Our author David Groten agreed to reply to our 5 questions. Before we start, here is a short CV:
David Groten studied European Politics and Economics, International Politics and International Law in Maastricht, Stockholm, and Amsterdam. He received his Ph.D. in Economic and Social Sciences. He is Postdoctoral research fellow at Helmut-Schmidt University Hamburg, Institute of International Politics. David Groten is conducting research and policy analysis, is engaged in project management and teaches courses on international cooperation, Chinese foreign policy and qualitative research methods. Prior to that, he has been working in the fields of governmental affairs and corporate communications in Berlin.
What will be the main challenge for your research field in the coming years?
In times of growing national egoism and self-centeredness in global politics, vital research fields such as peace and conflict studies, emotions research and political psychology at large are increasingly being marginalized, both in international relations research but particularly in international diplomacy and foreign affairs. Hence, a stronger emphasis of these fields’ instruments and approaches such as dialogue, compromise, empathy, and self-reflection is vital in order to sustainably mitigate political conflicts instead of further aggravating them.
Why would anyone want to pursue research in your field?
On the one hand, it is a remarkably understudied field of research. On the other hand, a direct link to and relevance to political realities and international conflicts is provided. This makes it quite interesting for scholars and students to conduct research in international relations at large and specialize in political psychology or peace studies in specific.
Why did you choose your research field? What motivates you in your field in particular?
The interplay between politics, culture, psychology and legal issues has always sparked my academic interest. Moreover, I am convinced that a continuation of the increasingly reckless, self-centered and nationalistic ways of conducting foreign politics without seeking to seriously acknowledge counterparts’ cognitive needs, ideas, sentiment, and interests will only further perpetuate fault lines, hamper creative approaches to conflict management and promote worst-case decision-making. That said, the South China Sea dispute and the rise of China, if not handled carefully, have the potential to cause severe global repercussions. It is, thus, crucial to expanding existing scientific and political discourses in order to offer alternate perspectives, variables, and approaches to conflict resolution and raise awareness thereof.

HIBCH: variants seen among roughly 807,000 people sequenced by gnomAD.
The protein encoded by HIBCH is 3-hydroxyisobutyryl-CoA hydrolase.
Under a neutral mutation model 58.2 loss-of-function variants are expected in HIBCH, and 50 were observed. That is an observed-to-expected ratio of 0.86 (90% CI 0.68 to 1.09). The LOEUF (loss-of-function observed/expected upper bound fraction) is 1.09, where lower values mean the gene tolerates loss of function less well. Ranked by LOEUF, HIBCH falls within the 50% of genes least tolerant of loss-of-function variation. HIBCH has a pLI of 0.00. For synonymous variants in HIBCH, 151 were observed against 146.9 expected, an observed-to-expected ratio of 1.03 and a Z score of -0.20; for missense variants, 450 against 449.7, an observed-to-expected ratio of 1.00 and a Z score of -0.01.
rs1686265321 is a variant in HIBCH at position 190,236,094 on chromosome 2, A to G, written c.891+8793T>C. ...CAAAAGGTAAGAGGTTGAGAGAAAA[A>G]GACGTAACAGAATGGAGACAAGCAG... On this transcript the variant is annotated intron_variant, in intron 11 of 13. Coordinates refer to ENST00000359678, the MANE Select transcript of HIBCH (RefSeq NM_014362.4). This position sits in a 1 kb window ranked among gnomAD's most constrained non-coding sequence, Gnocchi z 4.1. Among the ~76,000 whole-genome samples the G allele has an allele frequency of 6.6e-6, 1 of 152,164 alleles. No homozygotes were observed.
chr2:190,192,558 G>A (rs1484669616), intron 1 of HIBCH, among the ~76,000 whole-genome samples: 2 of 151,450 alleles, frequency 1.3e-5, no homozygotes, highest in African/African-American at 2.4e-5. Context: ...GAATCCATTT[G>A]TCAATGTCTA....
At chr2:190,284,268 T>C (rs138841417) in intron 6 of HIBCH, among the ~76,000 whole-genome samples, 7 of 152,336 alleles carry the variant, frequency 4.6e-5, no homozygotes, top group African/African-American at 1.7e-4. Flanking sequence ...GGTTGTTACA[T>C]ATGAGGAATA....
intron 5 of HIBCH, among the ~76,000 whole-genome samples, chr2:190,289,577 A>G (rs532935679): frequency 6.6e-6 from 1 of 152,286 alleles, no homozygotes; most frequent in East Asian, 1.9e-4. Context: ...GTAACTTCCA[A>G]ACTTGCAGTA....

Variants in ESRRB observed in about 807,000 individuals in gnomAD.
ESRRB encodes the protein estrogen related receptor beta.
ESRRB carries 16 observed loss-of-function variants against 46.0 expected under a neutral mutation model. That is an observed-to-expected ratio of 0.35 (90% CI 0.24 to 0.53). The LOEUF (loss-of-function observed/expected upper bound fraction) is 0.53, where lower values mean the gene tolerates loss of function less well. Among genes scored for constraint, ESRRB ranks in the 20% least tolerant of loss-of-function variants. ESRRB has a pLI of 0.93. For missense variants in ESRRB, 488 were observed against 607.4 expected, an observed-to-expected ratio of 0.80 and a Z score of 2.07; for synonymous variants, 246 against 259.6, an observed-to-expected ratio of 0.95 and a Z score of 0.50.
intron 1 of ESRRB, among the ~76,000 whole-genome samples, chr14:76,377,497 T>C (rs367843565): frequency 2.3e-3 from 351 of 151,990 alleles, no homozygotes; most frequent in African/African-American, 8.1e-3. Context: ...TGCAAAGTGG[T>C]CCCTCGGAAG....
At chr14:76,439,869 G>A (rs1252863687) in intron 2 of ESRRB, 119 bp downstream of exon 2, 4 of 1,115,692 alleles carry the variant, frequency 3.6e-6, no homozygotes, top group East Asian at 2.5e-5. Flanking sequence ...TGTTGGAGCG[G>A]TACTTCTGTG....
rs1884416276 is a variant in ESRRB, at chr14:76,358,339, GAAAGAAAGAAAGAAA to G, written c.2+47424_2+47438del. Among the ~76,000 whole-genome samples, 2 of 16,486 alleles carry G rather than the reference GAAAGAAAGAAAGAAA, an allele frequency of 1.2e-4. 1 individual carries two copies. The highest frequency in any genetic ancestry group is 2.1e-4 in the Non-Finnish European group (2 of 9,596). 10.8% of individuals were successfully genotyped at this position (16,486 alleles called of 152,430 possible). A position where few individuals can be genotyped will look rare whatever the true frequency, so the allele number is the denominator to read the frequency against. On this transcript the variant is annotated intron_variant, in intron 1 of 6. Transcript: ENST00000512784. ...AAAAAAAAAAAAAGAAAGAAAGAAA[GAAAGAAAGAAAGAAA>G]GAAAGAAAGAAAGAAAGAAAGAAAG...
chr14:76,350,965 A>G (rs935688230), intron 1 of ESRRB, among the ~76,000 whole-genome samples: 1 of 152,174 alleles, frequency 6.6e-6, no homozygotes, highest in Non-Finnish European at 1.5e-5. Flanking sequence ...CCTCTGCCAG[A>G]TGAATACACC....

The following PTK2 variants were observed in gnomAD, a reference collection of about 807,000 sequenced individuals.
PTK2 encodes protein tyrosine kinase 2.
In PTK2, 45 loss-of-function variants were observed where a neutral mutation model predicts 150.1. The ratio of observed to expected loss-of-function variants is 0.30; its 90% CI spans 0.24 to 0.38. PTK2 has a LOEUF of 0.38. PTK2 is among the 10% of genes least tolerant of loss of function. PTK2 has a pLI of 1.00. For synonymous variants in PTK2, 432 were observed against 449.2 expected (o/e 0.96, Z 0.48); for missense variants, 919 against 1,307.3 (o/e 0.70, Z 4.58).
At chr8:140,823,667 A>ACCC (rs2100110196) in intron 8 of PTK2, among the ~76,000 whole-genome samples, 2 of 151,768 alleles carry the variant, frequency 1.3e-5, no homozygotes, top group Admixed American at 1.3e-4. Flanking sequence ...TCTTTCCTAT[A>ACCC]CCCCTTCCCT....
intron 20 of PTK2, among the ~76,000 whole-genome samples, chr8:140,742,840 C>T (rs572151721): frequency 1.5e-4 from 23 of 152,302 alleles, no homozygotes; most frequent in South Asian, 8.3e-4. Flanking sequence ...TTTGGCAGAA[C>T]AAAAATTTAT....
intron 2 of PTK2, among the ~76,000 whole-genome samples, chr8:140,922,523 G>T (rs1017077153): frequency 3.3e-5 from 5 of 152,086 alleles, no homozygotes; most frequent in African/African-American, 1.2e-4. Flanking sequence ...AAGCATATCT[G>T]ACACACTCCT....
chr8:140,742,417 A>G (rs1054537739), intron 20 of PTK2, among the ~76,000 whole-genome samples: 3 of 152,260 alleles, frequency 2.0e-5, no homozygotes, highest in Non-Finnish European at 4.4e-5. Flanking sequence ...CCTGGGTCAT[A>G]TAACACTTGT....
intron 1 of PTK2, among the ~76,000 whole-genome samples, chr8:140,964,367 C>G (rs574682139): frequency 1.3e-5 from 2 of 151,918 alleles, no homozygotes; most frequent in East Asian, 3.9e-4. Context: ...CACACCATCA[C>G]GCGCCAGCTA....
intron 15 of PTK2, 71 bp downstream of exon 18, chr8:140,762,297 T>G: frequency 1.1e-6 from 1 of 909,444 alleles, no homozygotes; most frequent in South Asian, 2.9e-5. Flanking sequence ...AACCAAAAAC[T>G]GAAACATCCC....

Which (academic) book has influenced you the most?
‘Perception and Misperception in International Politics’ by Robert Jervis. A truly insightful read by one of the first scholars to emphasize the role of cognition in international relations research and to stress that it can easily turn into political reality.
I am author with Barbara Budrich because …
… not only is it a renowned publishing house but also does its staff provide researchers with reliable and valuable guidance and personal contact throughout the entire publishing process.
David Groten at Budrich:
Michael Staack, David Groten (eds.) 2018: China und Indien im regionalen Umfeld.
New on June 11, 2019: How Sentiment Matters in International Relations: China and the South China Sea Dispute.
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